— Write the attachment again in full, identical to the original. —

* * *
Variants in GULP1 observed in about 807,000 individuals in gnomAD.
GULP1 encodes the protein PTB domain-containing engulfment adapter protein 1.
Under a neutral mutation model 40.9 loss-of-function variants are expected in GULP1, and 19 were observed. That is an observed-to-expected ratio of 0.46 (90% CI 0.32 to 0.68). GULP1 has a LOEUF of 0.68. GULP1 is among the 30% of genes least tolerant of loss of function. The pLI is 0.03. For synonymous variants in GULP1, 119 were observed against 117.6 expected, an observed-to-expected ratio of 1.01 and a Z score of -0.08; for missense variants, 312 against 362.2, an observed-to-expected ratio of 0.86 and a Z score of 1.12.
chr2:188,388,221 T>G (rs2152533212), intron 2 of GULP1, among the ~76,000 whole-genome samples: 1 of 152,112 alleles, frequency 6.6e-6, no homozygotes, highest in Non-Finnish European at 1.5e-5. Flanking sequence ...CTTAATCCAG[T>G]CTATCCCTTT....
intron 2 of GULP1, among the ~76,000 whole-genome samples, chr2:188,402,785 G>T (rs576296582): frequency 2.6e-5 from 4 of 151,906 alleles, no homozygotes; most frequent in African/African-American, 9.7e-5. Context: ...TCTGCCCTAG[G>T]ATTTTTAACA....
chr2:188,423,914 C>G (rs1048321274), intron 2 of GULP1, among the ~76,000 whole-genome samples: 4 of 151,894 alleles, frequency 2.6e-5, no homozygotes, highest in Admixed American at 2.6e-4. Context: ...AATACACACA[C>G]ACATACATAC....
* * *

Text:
Variants in GULP1 observed in about 807,000 individuals in gnomAD.
GULP1 encodes the protein PTB domain-containing engulfment adapter protein 1.
Under a neutral mutation model 40.9 loss-of-function variants are expected in GULP1, and 19 were observed. That is an observed-to-expected ratio of 0.46 (90% CI 0.32 to 0.68). GULP1 has a LOEUF of 0.68. GULP1 is among the 30% of genes least tolerant of loss of function. The pLI is 0.03. For synonymous variants in GULP1, 119 were observed against 117.6 expected, an observed-to-expected ratio of 1.01 and a Z score of -0.08; for missense variants, 312 against 362.2, an observed-to-expected ratio of 0.86 and a Z score of 1.12.
chr2:188,388,221 T>G (rs2152533212), intron 2 of GULP1, among the ~76,000 whole-genome samples: 1 of 152,112 alleles, frequency 6.6e-6, no homozygotes, highest in Non-Finnish European at 1.5e-5. Flanking sequence ...CTTAATCCAG[T>G]CTATCCCTTT....
intron 2 of GULP1, among the ~76,000 whole-genome samples, chr2:188,402,785 G>T (rs576296582): frequency 2.6e-5 from 4 of 151,906 alleles, no homozygotes; most frequent in African/African-American, 9.7e-5. Context: ...TCTGCCCTAG[G>T]ATTTTTAACA....
chr2:188,423,914 C>G (rs1048321274), intron 2 of GULP1, among the ~76,000 whole-genome samples: 4 of 151,894 alleles, frequency 2.6e-5, no homozygotes, highest in Admixed American at 2.6e-4. Context: ...AATACACACA[C>G]ACATACATAC....